Known as ‘Odd Radio Circles’ or ORC, it’s believed they may be coming from a mysterious structure from another galaxy, unseen by human eyes.

The waves take the form of blasts of colourful circular objects, which were pinpointed by cameras during a survey by the Australian Square Kilometre Array Pathfinder telescope (ASKA).

Despite searching for an optical, infrared, or X-ray source to the pulses, none could be traced, leaving experts baffled.

Researchers have concluded it is a never before recorded phenomenon, a review in Nature Astronomy reports.

The results of the extraordinary study are still to be peer-reviewed but offer a tantalising glimpse of a deep space mystery that could one day yield answers about the mysteries of the universe.

Researchers zoomed in on the objects during a survey of the universe using the ASKA.

After three snaps of the mysterious ORCS were captured they were compared to the existing archive and found to match a similar radio wave structure located in March 2013.

The authors of the study note radio images are normally sphere space objects – like remnants of dying stars as well as proto-planetary discs

These new ORCs by contrast “appear to be a new class of astronomical objects” they said.

A team of Astrophysicists write: ” We have found an unexpected class of astronomical objects which have not previously been reported, in the Evolutionary Map of the Universe Pilot survey, using the Australian Square Kilometre Array Pathfinder telescope.

“The objects appear in radio images as circular edge-brightened discs about one arcmin diameter, and do not seem to correspond to any known type of object.

“We speculate that they may represent a spherical shock wave from an extra-galactic transient event, or the outflow, or a remnant, from a radio galaxy viewed end-on.

“Assumed to be not in any way connected with a supernova remnant—the structure left over after a massive star burst, it was deemed as a possible result of a spherical shock wave arising from galactic winds.

“While this is a theoretical possibility, such a shock has not yet been observed elsewhere.”

They added it is possible the strange discs represent a new category of a previously unknown phenomenon, “such as the jets of a radio galaxy”.

It is not the first time weird radio signals are speculated to be coming from another galaxy. In February Fast radio bursts were documented at the Canadian Hydrogen Intensity Mapping Experiment (CHIME) in British Columbia.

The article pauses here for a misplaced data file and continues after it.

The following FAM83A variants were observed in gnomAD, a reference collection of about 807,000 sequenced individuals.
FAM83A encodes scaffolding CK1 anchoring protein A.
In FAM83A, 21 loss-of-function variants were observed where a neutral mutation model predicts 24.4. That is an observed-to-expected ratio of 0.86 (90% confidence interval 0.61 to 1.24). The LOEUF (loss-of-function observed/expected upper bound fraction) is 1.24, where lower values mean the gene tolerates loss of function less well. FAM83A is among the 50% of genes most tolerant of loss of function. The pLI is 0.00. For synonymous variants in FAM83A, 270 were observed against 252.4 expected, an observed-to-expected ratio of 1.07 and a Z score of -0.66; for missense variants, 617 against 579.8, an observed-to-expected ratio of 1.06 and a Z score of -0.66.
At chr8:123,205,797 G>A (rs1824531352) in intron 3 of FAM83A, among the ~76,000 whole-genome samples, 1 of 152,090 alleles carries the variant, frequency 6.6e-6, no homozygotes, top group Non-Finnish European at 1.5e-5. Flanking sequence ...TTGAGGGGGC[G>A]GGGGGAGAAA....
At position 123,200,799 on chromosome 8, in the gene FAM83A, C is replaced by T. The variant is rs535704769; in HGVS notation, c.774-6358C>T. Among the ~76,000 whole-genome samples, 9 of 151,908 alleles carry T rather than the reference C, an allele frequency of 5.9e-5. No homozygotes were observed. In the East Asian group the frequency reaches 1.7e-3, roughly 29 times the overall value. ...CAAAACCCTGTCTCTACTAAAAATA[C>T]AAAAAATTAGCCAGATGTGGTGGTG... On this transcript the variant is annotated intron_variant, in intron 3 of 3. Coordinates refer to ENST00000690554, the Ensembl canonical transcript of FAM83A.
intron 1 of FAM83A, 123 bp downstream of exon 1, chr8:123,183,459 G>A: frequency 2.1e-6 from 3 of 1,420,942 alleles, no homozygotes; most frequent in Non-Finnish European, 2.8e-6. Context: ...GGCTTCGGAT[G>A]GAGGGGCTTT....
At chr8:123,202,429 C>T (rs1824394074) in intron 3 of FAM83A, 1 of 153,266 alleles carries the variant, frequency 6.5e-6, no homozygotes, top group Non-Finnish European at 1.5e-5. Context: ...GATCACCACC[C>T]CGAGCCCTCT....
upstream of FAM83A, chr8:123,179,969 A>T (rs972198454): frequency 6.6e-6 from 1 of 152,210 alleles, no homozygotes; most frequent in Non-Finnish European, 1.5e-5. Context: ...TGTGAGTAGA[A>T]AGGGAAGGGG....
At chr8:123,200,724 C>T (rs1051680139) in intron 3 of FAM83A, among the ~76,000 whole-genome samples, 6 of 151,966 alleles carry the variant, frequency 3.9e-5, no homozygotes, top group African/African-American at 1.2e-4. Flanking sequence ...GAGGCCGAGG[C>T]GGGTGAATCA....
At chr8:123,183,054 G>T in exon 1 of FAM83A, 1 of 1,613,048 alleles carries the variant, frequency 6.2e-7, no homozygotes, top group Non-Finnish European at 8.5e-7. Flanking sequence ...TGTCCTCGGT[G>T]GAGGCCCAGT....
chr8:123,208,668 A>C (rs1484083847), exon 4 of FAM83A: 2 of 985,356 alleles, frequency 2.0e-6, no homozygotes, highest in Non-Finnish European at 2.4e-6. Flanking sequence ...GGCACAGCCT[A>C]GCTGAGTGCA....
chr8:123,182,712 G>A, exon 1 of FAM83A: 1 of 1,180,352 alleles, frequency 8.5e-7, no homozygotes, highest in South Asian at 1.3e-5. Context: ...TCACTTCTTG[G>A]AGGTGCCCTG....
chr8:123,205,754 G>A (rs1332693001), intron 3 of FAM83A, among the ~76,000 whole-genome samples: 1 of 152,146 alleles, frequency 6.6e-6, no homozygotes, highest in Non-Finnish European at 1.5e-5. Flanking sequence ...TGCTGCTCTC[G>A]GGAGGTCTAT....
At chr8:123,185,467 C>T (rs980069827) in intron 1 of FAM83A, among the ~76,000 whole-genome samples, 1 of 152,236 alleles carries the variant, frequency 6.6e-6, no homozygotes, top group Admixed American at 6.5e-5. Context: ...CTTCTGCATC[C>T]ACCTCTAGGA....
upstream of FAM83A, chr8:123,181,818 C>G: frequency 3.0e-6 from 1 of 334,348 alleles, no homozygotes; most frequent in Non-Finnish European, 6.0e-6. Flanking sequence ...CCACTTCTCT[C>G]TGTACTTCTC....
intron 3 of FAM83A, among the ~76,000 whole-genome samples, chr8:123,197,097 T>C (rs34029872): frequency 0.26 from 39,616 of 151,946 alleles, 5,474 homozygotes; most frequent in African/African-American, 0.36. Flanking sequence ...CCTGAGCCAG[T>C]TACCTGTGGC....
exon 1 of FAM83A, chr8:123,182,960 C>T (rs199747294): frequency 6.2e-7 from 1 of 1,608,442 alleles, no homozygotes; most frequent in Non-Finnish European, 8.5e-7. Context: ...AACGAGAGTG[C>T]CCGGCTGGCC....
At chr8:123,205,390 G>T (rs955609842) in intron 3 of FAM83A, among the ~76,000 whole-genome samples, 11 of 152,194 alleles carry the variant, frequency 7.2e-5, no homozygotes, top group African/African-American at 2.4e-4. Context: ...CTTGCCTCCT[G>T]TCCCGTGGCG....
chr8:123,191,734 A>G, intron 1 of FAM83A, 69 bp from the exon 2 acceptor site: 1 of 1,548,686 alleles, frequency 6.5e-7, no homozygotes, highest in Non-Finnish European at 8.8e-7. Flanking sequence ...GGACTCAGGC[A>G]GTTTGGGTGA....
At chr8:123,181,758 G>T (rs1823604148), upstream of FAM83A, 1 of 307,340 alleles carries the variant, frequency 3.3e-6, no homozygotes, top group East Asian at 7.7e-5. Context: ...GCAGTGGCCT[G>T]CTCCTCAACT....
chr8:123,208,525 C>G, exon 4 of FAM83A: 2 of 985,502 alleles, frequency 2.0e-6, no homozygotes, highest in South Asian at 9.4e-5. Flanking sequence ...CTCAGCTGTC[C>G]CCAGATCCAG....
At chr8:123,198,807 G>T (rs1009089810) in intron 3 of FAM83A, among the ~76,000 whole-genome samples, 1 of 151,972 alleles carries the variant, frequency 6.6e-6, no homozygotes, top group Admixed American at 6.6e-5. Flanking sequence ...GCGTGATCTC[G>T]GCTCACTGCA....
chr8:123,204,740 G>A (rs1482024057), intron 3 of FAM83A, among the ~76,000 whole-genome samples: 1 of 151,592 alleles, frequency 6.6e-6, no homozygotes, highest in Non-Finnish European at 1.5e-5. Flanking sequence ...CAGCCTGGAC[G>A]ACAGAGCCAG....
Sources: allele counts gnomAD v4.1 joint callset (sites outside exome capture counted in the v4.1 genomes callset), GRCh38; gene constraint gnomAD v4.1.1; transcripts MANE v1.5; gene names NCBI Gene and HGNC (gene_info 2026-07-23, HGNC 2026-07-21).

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Bright, rare comet lighting up Canadian skies for next few days – CityNews Vancouver

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WINNIPEG (CITYNEWS) – Stargazers across Canada and the world have been catching rare glimpses of the brightest comet of the last two decades – and there’s still time to do so.

Comet Neowise, named after the satellite that first discovered it, is headed toward Earth and will continue to light up the night sky for the next few days. The best times to see it are just after sunset and around 3 a.m.

Scott Young, manager of the Planetarium at the Manitoba Museum says the comet, which is composed of rock and ice, dates back to the origin of the solar system. 

“Most of the time, these are not something you can see without a telescope,” said Young. “But once in a while, one of these comets surprises us and gets brighter than expected, and that is what we are seeing here. It is visible to the unaided eye and from a location away from city lights.

“It’s really cool to see a comet like this. This is probably, almost certainly, the first time that any humans have seen this particular object.”

Young says the comet will get as close as 100 million kilometres from Earth, which is normally too far to be seen with the naked eye.

“For whatever reason, this comet has melted a lot and the tail has grown very big and bright, and that’s what we’re able to see from this distance,” he said.

Photographer Shannon Bileski has captured several snapshots of the comet in the last few days. She says her photos were made even better by the presence of very vibrant clouds in the upper atmosphere.

“They’re very incredible to see and I knew the spot that I wanted to hit, try to hit the comet and that’s where I went,” said Bileski, whose bucket list included photographing a comet. “Get out, see it, shoot it. It’s pretty amazing to see.”

The last time a comet of this calibre was visible from Earth was Comet Hale-Bopp in 1997, according to Young. He says Comet Neowise is not expected to re-enter our solar system for another 6,000 years.

“They could happen at any time,” said Young. “They’re very unpredictable. We don’t know where they all are, and sometimes a new discovery like this one will come out of nowhere and just surprise us.

“Astronomers have basically dropped everything they are doing to take advantage of this limited opportunity.”

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Cosmic Cataclysm Allows Precise Test of Einstein’s Theory of General Relativity – SciTechDaily

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The MAGIC telescope system at the Roque de los Muchachos Observatory, La Palma, Canary Islands, Spain. Credit: Giovanni Ceribella/MAGIC Collaboration